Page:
Sergio Focardi is a lecturer and researcher at the Pole Leonard de Vinci and a member of the Finance Group of the De Vinci Research Center. On Thursday, September 23, he gave the webinar A New Economic Theory for the Green Transition.
The webinar has been repeated on October 5 for CFA Germany and October 12 exclusively for CFA Belgium. Some 40 participants from EEA (European Environment Agency) from the Central Bank of Ukraina, various national banks, asset managers, and academics participated in these discussions.
As they have been ignored for a long time, environmental issues are rapidly escalating into a proper state of emergency. The European Green Deal was launched at the end of 2019 by Ursula von der Leyen, President of the European Commission.
This ambitious project to make Europe a more sustainable economy articulates around three primary goals:
This webinar intends to generate solutions for a growing economy decoupled from intensive resource use. To achieve economic growth without exhausting natural resources, advanced economies must become more qualitative. To support this process, both economic theory and the practice of finance must understand qualitative growth.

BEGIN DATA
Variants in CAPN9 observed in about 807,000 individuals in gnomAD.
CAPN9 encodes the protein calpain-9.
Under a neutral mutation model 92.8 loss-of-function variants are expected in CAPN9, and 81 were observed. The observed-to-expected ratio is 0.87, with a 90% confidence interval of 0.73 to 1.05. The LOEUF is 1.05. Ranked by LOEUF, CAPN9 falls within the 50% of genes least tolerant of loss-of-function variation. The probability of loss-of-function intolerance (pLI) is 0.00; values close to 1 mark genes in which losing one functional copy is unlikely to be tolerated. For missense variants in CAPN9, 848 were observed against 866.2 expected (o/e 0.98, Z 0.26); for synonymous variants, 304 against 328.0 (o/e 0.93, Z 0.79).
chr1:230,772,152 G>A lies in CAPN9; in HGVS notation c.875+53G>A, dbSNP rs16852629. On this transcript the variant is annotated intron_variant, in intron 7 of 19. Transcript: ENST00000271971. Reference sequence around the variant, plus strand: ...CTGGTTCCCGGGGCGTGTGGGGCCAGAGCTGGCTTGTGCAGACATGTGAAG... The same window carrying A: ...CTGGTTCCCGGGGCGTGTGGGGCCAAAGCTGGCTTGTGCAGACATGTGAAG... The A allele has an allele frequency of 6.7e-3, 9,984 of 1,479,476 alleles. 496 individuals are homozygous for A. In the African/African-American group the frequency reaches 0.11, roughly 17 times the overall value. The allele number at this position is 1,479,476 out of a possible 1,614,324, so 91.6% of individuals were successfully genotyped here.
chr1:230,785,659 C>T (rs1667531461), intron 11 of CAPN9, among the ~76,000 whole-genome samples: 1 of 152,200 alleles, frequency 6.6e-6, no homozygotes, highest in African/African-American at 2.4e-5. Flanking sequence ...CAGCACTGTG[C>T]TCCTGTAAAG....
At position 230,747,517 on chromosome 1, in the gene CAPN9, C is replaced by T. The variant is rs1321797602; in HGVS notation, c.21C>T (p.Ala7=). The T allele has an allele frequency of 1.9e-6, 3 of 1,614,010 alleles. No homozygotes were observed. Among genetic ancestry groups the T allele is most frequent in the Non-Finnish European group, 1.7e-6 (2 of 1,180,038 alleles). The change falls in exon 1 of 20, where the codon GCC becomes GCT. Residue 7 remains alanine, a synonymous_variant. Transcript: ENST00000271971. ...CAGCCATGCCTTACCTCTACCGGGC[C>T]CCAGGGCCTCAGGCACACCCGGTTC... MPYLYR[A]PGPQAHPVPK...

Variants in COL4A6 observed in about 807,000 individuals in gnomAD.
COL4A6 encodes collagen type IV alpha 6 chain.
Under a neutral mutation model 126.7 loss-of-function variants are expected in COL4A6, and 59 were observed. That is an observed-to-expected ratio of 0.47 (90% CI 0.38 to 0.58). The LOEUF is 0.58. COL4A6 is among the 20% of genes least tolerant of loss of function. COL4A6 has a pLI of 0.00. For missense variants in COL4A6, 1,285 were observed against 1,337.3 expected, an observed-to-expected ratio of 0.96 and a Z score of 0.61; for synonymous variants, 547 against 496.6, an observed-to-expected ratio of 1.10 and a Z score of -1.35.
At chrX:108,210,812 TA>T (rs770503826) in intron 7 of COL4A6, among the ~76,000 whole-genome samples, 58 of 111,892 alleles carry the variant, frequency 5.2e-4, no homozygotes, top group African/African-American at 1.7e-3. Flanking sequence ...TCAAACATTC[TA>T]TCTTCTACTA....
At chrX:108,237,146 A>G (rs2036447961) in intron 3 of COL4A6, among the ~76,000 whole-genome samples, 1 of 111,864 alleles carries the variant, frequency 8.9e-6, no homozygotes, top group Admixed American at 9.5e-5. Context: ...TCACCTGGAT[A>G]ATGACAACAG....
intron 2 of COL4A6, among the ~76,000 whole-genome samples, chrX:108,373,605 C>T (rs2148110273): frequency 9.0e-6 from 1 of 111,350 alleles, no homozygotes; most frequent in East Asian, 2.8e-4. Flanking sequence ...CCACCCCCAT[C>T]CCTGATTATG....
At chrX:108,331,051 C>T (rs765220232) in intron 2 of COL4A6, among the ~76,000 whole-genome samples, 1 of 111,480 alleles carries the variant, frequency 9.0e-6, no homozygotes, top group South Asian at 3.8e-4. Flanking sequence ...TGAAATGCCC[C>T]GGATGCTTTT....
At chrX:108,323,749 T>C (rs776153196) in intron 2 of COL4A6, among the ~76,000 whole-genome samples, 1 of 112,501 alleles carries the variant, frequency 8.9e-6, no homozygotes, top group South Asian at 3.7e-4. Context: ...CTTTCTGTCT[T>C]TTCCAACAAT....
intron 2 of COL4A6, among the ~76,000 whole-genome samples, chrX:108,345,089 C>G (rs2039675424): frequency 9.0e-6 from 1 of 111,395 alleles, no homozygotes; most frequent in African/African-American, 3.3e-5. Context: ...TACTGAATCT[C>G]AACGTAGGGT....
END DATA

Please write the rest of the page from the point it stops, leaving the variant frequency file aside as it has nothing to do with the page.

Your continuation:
The key message of the webinar is that any Green Deal will appear as a recession through the lens of the current macroeconomic theory. This is because the current macroeconomic theory considers economic growth essentially as quantitative growth. Moreover, these “classical” economic theories and models (e.g., the Smet and Wouters model used by central banks) assume that economies produce a single type of consumer goods.
In practice, economic growth is measured as real GDP growth, which is obtained from nominal GDP discounting by inflation. But the measurement of inflation ignores qualitative changes.
Together with three colleagues, Sergio Focardi is finishing a paper that presents the theory and a mathematical model of a qualitative economy, which hopefully will raise interest from government agencies.
In the webinar, Sergio developed the consequences of a theory of qualitative growth for asset management. For the presentations in Germany and Belgium on October 12, Sergio emphasized the need to go beyond ESG to adapt investment management to the reality of the current environmental crisis.
Suppose we accept that economic growth has to become more qualitative to decouple growth and intensive exploitation of natural resources. In that case, we see that there are fundamental systemic aspects of investment management.